Russia’s plan to manipulate UN Peacekeeping forces in Donbas

Pro-Russian rebels openly mock Ukraine

On 5 September, during a press conference at the BRICS (Russia, China, Brazil, India and South Africa) summit in China, the Russian president, Vladimir Putin announced that Russia would propose a draft resolution to the UN Security Council on the deployment of UN peacekeeping forces in Donbas.

A relevant document was submitted on the same day. Moscow’s initiative, however, does have a few conditions. The peacekeeping forces would offer protection to the OSCE mission in Donbas and be deployed only on the demarcation line between the Ukrainian forces and the forces of the separatists backed by Russia.

Ukrainian Forces to the North and West in Blue. Russian Separatists are situated to the South-Est

Furthermore, their deployment would take place after both parties to the conflict have withdrawn heavy matériel. President Putin also emphasised that the deployment of the UN peacekeeping forces should be agreed during direct negotiations with separatist leaders and must be approved by the UN Security Council.

The Ukrainian side has been probing the possibility of the deployment of UN forces in Donbas as an alternative to the Minsk Accord since 2015. However, it was only on 3 February 2017 that the draft proposal for deployment of an armed UN peacekeeping mission was presented in the speech of Kostiantyn Yeliseyev, deputy head of the administration of President Petro Poroshenko.

Officially, Kyiv announced it during a telephone conversation of the participants of the so-called Normandy Format (France, Germany, Ukraine and Russia) during a summit of its heads of state on 24 July this year.

President Poroshenko talks with the ‘Normandy Format’ (France, Germany, Ukraine and Russia)

According to President Poroshenko, the need to deploy UN peacekeeping forces and to vest them with the UN Security Council’s mandate is an effect of “Russia’s categorical unwillingness to achieve peace in Donbas.” On 22 August, the Ukrainian president stated that he intended to present a detailed plan for the deployment of the mission in Donbas during the next session of the UN General Assembly (12–25 September). Before that, Ukraine also suggested that an armed OSCE mission be deployed in the region.

Commentary

The Russian proposal is above all of a tactical character because Moscow’s primary goal is to torpedo Kyiv’s initiative concerning the deployment of peacekeeping forces in the occupied part of Donbas and at the same time to put the blame on Ukraine and the USA for the expected failure of the Russian proposal.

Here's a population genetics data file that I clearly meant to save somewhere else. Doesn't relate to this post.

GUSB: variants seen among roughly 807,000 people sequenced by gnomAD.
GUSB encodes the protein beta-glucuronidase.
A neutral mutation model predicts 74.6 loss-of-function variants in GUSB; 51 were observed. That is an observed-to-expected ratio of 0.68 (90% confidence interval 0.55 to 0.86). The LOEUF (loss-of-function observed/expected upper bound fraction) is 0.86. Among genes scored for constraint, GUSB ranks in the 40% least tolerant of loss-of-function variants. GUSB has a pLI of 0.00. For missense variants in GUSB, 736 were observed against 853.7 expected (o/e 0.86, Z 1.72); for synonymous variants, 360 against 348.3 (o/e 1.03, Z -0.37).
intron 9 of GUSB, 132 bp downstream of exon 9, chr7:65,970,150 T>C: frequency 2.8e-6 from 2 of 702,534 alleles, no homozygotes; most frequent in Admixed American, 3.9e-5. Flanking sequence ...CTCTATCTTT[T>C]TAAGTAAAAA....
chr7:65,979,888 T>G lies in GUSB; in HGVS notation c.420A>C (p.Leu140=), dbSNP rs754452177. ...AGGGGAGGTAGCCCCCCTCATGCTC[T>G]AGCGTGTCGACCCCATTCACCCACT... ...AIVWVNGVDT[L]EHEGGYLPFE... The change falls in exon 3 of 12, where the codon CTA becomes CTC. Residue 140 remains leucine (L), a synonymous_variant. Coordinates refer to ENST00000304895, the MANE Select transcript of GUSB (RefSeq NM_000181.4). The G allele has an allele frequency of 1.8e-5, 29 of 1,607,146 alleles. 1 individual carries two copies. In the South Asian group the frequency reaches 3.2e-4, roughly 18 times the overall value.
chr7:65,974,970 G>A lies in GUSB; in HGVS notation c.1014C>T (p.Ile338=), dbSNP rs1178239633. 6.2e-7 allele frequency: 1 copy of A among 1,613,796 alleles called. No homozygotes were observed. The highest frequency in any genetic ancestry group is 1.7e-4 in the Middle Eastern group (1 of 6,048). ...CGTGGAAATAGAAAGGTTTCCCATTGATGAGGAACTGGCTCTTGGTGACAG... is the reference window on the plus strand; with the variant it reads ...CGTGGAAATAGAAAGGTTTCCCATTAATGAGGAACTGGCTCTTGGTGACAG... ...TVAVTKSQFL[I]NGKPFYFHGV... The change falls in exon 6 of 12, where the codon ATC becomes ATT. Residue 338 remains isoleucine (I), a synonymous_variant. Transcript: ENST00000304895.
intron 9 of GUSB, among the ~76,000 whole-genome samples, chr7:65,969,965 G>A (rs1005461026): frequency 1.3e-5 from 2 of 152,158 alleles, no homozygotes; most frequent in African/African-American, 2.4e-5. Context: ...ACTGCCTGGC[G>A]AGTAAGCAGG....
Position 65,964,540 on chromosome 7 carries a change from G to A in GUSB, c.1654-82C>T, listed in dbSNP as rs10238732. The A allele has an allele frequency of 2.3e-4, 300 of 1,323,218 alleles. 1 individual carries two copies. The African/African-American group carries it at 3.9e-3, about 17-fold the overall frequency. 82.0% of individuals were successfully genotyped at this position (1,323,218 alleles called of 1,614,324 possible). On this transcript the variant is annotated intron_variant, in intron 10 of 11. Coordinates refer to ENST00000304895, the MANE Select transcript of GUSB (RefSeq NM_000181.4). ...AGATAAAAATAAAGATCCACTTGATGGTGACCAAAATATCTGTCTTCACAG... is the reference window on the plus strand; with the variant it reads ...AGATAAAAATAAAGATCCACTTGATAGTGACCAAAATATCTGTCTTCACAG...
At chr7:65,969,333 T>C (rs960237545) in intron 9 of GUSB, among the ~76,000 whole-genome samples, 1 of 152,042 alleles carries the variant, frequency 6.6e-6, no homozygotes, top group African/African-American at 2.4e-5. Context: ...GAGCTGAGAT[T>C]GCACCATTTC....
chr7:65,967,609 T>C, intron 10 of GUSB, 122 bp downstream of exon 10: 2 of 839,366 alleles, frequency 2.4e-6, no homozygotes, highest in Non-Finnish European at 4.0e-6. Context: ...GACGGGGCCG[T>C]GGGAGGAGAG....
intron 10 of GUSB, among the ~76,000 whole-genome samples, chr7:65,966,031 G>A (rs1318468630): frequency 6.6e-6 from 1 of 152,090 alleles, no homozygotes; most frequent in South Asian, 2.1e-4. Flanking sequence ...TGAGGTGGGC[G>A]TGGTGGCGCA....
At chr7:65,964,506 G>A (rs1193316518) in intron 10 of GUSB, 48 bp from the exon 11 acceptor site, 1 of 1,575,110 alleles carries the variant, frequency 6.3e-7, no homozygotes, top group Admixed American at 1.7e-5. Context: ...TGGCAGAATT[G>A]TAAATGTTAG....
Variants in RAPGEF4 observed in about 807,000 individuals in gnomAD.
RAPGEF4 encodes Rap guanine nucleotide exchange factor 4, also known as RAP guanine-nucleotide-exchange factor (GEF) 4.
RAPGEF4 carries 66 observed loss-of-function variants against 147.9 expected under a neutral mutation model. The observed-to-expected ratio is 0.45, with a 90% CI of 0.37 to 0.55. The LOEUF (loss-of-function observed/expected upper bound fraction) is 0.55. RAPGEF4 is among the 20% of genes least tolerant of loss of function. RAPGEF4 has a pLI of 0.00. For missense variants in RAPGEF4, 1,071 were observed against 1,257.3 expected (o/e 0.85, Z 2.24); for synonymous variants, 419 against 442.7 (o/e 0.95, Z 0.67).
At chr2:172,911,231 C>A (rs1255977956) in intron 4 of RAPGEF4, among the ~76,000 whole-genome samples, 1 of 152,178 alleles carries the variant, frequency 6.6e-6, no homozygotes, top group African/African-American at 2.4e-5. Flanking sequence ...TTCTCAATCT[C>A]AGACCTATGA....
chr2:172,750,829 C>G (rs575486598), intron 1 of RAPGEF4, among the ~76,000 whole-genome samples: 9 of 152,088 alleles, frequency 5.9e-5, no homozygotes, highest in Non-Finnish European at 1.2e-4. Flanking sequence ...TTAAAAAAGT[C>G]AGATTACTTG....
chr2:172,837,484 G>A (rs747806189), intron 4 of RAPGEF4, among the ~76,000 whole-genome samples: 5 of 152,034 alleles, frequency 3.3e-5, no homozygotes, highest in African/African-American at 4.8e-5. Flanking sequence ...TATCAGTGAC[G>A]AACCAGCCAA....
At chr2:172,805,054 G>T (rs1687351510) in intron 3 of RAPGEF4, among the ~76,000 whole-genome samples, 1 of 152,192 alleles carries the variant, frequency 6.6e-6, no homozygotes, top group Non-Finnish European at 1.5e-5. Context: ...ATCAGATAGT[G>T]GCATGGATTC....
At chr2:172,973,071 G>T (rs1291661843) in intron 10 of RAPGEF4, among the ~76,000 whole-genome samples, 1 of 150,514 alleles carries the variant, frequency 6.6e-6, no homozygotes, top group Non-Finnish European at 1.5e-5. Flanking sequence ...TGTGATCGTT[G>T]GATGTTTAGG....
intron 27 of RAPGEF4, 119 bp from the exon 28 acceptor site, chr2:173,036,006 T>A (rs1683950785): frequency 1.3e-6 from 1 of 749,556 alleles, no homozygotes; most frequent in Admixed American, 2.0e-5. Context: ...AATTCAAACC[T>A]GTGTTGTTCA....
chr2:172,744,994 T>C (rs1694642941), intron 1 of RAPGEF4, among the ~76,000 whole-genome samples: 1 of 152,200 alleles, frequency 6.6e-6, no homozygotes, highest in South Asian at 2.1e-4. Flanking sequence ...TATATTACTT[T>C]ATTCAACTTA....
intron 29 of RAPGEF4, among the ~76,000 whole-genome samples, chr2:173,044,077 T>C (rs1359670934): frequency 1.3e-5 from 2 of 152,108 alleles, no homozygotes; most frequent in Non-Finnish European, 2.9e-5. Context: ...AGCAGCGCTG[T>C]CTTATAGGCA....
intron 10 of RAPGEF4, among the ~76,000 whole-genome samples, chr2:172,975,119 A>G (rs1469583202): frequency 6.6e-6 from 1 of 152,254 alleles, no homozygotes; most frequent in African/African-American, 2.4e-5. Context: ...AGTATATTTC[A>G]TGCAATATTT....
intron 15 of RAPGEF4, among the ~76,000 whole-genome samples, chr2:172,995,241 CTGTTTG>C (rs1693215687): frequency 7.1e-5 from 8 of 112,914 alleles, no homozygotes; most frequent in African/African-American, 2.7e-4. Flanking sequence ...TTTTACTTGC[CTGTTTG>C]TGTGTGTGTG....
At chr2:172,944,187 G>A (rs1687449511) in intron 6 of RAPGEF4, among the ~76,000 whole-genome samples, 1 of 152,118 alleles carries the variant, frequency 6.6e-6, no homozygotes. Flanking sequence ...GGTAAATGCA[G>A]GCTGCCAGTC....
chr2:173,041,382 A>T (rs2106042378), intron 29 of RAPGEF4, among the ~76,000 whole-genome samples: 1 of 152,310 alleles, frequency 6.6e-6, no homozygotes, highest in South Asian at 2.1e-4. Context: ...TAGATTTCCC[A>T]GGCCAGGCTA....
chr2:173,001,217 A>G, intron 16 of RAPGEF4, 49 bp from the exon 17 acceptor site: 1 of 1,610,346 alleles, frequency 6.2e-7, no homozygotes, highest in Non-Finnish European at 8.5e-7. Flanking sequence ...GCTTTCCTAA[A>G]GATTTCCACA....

The Kremlin’s initiative can also be linked with the recently observed hardening of the US stance on the conflict, particularly including with the announcement that arms supplies to Ukraine are possible.

Signs of this include President Putin’s ambiguous statement in which he warned that US weapons supplies to Ukraine might lead to the conflict spilling over onto the territory of Ukraine and to “the separatists sending weapons to other conflict areas critical for those who pose problems to them.” President Putin’s statement, which was in essence blackmail addressed to the USA, may suggest that Russian weapons will be supplied to other areas where US forces are engaged.

(AP Photo/Ivan Sekretarev, pool)

Moscow in fact is not interested in the deployment of UN peacekeeping forces in Donbas. Their presence would not be beneficial to the Kremlin as it would potentially restrict Russia’s full freedom of action in the conflict area, which includes periodically escalating the conflict in order to apply pressure on Kyiv. However, Moscow is trying to simulate efforts to end the conflict, thus manifesting its constructive stance on the Ukrainian conflict to the West. This is partly effective, one proof of which is the statement of the German minister of foreign affairs, Sigmar Gabriel, who called the draft resolution “a change in Russia’s previous policy that we cannot waste.”President Putin’s words have met with a negative reaction in Ukraine. The Ministry of Foreign Affairs issued a statement that Russia, being the aggressor country, cannot be a participant of the peacekeeping mission under the aegis of the UN and that its deployment does not require consent from the self-proclaimed ‘republics’ in Donbas.

Iryna Herashchenko, deputy speaker of the Verkhovna Rada (Ukrainian parliament) and Ukraine’s representative in the Trilateral Contact Group in Minsk, rejected Putin’s initiative, viewing it as an attempt to distort the idea of the deployment of the UN peacekeeping forces in the conflict area in Donbas announced in Kyiv.

The conditions of deployment of the peacekeeping forces put forward by the Kremlin are unfavourable to Ukraine, because this would mean recognising the separatists as a subject of international negotiations, while the UN mission would only extend to the contact line that would maintain the situation of the lack of international supervision on the Ukrainian-Russian border in Donbas (currently controlled by Russian services and separatist forces).